Longing for Normalcy


Today is lovely. Two zebra butterflies flit in air, looking for the Lantana. Anoles of all sizes crouch, race, square-off, crisscross my path. The air is warm, not muggy. Sun shines. My coffee is perfect. The cat lets me holds her heavy, thick-furred self – for 30 seconds. I have no worries. I wonder: is tomorrow recycle day or next week? I want to write poetry.

And then.

I log-in.

The world is a shit basket. The president is a dangerous fool. A hydrogen bomb detonated. Houston is flooded. Fires ravage southern California. In Jamaica, a gay athlete is murdered in his home.

On and on it goes, has gone. For two years now, I’ve been in the fight of my life. That’s how it feels. And in some reality, this is truth. These words – kleptocracy, active measures, fascism, authoritarianism, collusion, treason – frame my consciousness. They invade my privacy. There is no solace, no escape, no hiatus.

I long for the small things. I want to celebrate the morning bloom of plumbago, gripe about the traffic jam, find joy in simple milestones, mourn inevitability. Instead my mind is flooded with the direst of human suffering, the most extreme worry. This is an assault on all of us, on what makes us functional, empathetic, intelligent, far-sighted humans.

This should not be an endurance test. Our everyday lives should not be immersed in such anger and horror. We should not have to shout “Resist!” and utter obscenities and wish for the death of a certain person. This is our topsy-turvy world. This is our mess.




The Texas Chemical Plant Cluster

If you listened to this morning’s pre-dawn press conference about the Arkema plant in Crosby, you may have heard an important question. A member of the press asked if local officials were monitoring the status of other chemical plants in the area. The answer was surprising – in a word, No. That kind of survey is the responsibility of the manufacturers, not county, state or federal agencies.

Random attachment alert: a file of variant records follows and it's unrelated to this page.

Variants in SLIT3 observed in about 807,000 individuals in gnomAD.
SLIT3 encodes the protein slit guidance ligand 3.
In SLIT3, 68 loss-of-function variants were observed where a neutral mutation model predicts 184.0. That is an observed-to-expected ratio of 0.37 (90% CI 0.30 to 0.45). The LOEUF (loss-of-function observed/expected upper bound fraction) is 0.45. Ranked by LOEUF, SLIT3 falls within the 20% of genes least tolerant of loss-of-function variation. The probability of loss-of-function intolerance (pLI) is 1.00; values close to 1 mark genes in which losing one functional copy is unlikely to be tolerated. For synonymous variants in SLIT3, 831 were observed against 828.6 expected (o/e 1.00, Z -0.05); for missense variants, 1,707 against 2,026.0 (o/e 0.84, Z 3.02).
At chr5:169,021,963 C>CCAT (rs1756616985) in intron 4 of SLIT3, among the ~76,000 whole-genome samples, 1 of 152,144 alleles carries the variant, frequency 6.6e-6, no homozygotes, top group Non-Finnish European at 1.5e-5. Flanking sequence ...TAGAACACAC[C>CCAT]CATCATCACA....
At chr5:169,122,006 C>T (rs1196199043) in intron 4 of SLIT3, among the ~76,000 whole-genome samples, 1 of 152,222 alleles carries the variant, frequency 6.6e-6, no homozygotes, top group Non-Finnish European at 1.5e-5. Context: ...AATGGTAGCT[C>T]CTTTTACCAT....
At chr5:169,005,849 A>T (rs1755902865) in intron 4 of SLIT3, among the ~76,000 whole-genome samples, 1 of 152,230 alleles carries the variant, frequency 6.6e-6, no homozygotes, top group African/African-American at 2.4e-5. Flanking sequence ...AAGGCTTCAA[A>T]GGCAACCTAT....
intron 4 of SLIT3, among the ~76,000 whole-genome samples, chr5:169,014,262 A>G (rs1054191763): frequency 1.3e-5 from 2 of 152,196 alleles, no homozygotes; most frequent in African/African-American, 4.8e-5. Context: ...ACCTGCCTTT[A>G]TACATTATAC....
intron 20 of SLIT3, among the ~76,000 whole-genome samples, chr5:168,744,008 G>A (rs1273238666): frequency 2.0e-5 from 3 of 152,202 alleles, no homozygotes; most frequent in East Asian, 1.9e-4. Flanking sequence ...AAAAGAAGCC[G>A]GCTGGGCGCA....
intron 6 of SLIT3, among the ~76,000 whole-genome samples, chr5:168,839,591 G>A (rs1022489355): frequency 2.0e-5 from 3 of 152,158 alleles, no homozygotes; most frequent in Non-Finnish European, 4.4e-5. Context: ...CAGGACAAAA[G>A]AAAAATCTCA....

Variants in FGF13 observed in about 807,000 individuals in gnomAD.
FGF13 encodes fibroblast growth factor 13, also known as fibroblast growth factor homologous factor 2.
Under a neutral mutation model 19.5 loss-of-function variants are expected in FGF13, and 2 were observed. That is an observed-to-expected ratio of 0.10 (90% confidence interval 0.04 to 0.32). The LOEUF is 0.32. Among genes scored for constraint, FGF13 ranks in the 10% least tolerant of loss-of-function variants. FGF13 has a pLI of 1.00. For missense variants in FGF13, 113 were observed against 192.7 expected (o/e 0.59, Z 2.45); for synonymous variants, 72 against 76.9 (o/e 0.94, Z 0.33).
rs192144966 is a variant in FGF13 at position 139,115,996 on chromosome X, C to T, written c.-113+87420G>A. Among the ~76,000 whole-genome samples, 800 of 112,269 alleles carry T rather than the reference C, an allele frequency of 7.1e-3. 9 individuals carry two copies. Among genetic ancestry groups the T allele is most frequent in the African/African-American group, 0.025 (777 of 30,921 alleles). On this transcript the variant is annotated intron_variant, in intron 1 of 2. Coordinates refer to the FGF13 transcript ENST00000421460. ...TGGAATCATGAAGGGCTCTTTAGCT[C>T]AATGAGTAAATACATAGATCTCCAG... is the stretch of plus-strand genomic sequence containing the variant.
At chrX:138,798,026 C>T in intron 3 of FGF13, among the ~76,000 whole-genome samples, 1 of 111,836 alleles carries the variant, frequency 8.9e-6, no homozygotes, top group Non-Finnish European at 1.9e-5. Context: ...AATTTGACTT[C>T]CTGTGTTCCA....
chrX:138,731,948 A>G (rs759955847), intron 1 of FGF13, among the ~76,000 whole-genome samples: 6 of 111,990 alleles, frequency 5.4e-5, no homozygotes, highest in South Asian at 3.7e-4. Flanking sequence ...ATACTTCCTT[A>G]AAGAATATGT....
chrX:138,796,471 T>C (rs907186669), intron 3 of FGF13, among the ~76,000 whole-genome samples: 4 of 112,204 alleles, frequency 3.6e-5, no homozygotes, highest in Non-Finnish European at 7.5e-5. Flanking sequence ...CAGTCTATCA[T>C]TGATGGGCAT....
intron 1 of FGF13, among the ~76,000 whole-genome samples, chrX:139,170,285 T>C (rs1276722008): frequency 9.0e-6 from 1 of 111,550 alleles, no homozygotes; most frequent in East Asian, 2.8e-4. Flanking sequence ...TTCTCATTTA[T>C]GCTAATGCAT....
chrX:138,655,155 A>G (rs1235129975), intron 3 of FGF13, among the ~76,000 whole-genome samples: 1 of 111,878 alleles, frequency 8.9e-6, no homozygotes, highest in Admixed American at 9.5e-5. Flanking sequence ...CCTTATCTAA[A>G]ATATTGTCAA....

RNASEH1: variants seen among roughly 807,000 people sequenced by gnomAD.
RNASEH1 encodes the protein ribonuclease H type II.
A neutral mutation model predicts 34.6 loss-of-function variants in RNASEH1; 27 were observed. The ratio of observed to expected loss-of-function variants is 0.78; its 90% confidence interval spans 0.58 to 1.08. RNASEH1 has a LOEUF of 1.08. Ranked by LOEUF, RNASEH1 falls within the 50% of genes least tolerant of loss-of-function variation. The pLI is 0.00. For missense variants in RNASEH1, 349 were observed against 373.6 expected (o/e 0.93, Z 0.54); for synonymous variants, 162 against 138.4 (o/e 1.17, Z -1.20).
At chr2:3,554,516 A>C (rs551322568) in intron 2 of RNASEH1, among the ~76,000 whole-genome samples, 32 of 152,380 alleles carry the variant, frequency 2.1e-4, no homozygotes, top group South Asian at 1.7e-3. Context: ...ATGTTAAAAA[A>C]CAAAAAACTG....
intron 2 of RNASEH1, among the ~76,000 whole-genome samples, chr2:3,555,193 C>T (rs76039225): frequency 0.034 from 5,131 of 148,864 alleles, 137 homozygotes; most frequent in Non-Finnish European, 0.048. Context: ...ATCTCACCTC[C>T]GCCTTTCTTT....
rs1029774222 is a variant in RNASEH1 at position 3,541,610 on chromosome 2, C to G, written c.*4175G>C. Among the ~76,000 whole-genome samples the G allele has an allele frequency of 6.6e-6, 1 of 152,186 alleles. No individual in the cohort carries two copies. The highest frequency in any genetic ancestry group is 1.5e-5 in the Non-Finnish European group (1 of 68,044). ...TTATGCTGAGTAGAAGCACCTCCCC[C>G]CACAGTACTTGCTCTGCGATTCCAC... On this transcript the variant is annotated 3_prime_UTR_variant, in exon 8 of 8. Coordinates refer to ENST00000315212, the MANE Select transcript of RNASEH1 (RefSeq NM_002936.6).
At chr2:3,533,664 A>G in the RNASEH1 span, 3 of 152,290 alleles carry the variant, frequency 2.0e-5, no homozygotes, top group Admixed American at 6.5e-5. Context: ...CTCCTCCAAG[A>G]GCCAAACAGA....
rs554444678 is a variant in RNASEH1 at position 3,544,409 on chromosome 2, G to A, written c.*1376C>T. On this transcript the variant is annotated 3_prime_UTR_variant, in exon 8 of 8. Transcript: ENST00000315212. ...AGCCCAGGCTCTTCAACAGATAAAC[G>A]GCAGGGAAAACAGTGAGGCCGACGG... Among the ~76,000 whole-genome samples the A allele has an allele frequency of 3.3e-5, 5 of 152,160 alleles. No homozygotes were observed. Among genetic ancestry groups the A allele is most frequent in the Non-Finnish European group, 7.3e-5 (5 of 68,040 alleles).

Of the dozen plants manufacturing chemicals in the SE Texas area hit by Harvey, only two (Arkema, Exxon) have posted advisories related to storm damage. Hopefully, this is a good sign.

The fire at the Arkema plant is just one instance of the dangerous volatility of these firm’s chemical agents. These can be broadly listed under the umbrella of dangerous or hazardous materials. They – and countless others – represent a modern man-made danger.

The extent of their potential for harm prompted a multinational Emergency Response Guidebook in 2016 which itemizes hundreds of these compounds and synthetics. This guide is chocked full of information including a database and a section on Reactivity. So for example, there is a detailed explanation of all the possible results when the temperature-controlled organic peroxide at Arkema is spilled, heated or exposed to other materials. Here’s an excerpt:

FIRE INVOLVING TANKS OR CAR/TRAILER LOADS: Fight fire from maximum distance or use unmanned hose holders or monitor nozzles. Cool containers with flooding quantities of water until well after fire is out. BEWARE OF POSSIBLE CONTAINER EXPLOSION. ALWAYS stay away from tanks engulfed in fire. For massive fire, use unmanned hose holders or monitor nozzles; if this is impossible, withdraw from area and let fire burn. (ERG, 2016)

Imagine a plume of degraded organic peroxide emanating from the Arkema plant traveling the dozen or so miles to the ExxonMobil complex in Baytown. Imagine that polymers have been released at the Exxon site. The repercussions to this kind of mix would take a crew of chemists to comprehend and hazmat teams to contain. This hypothetical may seem far-fetched but it is a possibility facing the weary residents of Texas. Let’s hope it remains a hypothetical.

Here are the firms with chemical plants clustered south and west of Houston with web links and status of advisories:

Harvey Brings New Threat with Chemical Plant


8-31-2017. Crosby, Texas.  SCREEN GRAB – KHOU-11

The fire chief called them “pops.” The company said they were “explosions.”